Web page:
TAMPA — The Salvation Army has had a presence in Tampa Heights for more than six decades, offering food and shelter to the needy in buildings along Florida Avenue. Now the charity plans to shrink its footprint in the up-and-coming neighborhood, with the goal of expanding services there.
The organization announced plans this week to sell three properties north of Interstate 275, tapping the value to transform an existing headquarters into a full-service shelter.
"God calls us to preach the gospel of Jesus Christ and meet human needs in his name without discrimination, and that can happen better if we open up these assets to the community and take the income and put it into our mission," said Capt. Captain Andy Miller III, the group's Tampa area commander.
The sales would free prime real estate in a neighborhood in the midst of a transformation sparked in part by the extension of the city's Riverwalk.
One property is the Red Shield Lodge, a three-story, 23,000-square-foot building at the corner of Henderson and Florida avenues that houses an emergency shelter for men and women. The lodge has 150 beds, but there is funding to fill only about 120 of them, Miller said. The aging building is also expensive to maintain.
The plan is to renovate the headquarters across the street to create a shelter with a capacity of about 180 beds. That would allow the charity to expand the program if funding permits. Zoning allows for 40 beds, so adding more would require the city's blessing. The headquarters, at 1603 N Florida Ave., would also continue to house administrative offices.
The other two properties in flux are a vacant lot just north of the headquarters and a warehouse two blocks south, at 1428 N Florida Ave.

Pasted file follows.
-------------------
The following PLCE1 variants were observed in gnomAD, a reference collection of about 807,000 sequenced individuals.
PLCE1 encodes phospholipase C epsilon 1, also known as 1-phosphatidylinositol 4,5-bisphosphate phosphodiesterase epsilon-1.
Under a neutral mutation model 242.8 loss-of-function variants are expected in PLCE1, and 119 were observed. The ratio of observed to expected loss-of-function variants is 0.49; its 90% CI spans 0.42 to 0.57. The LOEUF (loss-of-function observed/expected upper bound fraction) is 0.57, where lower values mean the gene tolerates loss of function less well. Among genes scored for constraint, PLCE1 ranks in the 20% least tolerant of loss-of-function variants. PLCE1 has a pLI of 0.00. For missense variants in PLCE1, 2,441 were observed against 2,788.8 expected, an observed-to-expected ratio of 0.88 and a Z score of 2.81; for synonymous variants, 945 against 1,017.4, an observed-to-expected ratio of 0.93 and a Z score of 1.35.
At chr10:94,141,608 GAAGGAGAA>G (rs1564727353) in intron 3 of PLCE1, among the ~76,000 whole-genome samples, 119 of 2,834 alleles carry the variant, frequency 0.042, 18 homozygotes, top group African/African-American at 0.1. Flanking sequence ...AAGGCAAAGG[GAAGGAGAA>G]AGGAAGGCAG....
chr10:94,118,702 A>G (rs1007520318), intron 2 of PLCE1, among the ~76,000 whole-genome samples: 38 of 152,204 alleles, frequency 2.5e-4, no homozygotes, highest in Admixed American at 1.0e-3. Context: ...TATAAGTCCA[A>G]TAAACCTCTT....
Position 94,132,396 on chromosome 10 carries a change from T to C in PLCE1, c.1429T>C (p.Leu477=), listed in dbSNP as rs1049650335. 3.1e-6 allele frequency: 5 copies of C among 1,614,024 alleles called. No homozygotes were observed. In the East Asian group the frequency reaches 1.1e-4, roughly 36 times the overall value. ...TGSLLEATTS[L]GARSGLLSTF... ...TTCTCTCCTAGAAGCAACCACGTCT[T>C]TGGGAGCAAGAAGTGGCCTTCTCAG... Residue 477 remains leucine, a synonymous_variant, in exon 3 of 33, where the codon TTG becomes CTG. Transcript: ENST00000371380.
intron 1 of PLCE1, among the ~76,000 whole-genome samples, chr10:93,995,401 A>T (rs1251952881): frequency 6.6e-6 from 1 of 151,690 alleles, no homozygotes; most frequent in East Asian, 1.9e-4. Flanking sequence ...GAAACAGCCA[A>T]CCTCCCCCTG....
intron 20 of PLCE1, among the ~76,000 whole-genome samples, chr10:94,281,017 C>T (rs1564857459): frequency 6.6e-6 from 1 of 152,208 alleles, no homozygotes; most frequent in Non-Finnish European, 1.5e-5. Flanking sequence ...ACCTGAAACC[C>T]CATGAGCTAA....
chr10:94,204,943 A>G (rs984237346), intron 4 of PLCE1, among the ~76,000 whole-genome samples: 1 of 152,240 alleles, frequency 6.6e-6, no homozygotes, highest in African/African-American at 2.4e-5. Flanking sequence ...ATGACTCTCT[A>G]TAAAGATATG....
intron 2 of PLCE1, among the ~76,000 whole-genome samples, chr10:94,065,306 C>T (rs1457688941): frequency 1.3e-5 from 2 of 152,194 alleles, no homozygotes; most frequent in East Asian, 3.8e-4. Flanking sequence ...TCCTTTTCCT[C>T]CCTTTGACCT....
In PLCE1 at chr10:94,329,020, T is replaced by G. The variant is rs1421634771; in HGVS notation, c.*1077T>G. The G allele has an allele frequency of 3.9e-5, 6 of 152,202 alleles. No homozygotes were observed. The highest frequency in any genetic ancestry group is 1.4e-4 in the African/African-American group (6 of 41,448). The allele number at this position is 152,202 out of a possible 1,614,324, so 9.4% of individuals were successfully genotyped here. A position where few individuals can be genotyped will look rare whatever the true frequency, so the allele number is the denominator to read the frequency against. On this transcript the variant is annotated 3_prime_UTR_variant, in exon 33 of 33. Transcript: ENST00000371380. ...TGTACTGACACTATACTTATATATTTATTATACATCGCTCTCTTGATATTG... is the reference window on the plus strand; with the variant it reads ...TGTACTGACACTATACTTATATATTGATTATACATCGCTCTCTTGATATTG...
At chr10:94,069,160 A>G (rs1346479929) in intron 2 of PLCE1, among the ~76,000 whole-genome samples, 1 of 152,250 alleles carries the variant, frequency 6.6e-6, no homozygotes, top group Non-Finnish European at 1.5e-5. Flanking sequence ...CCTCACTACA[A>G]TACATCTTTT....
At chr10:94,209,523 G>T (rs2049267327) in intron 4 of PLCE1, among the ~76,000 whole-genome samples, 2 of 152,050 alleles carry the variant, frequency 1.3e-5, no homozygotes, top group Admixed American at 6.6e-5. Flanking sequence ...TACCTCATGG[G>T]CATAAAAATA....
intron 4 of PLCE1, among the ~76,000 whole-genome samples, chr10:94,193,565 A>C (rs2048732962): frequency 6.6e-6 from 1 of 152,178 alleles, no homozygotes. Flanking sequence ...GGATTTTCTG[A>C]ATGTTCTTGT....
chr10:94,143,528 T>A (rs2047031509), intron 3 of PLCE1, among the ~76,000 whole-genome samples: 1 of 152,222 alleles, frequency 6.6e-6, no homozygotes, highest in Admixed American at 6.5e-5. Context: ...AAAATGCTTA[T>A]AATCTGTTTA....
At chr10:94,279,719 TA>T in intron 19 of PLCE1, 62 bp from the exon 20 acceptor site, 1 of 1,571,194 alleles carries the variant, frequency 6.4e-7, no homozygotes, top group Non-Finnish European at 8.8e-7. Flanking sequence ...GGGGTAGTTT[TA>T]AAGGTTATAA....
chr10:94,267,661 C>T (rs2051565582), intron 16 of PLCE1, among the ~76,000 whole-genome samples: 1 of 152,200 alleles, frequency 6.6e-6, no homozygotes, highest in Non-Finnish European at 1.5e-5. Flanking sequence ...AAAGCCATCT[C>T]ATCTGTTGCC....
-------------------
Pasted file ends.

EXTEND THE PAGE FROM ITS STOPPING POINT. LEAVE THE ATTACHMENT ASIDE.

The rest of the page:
The charity, which is celebrating 125 years in Tampa this week, is launching a capital fundraising campaign for an effort it has dubbed "Reaching New Heights." It aims to complete sales and renovation by 2020.
Sam Chandler, a Realtor with Smith & Associates Real Estate, said Tampa Heights has emerged as the next frontier in redeveloping Tampa's urban core, as evidenced by new food halls Armature Works and the Hall on Franklin, and residential projects such as the Pearl Apartments. Available properties will only add fuel to that fire, Chandler said.
"This will help Tampa Heights turn the next corner as the next premiere urban neighborhood in Tampa," he said.
The program has had a sometimes tense relationship with City Hall over the years. In a statement, Mayor Bob Buckhorn said that what he has heard about the latest plan sounds like "a step in the right direction."
"The Franklin Street corridor is on the verge of significant redevelopment opportunities that will reflect and complement the existing neighborhood of Tampa Heights and the area around the Tampa Riverwalk," Buckhorn said. "Whatever remaining social services exist should tailor their activities to enhance this reality."
That's already happening, Miller said. The Salvation Army stopped operating a soup kitchen a couple of years ago, sharply cutting down on foot traffic. Lodge guests must show they're working to get back on their feet. That's easier to do if there are places to work nearby, and every new business that opens in Tampa Heights offers potential job opportunities, Miller said.
"I think there's a lot of support for what we're doing," he said. "Our relationship with the Tampa Heights Civic Association, the businesses on Franklin and on the Riverwalk is evidence that we're good neighbors."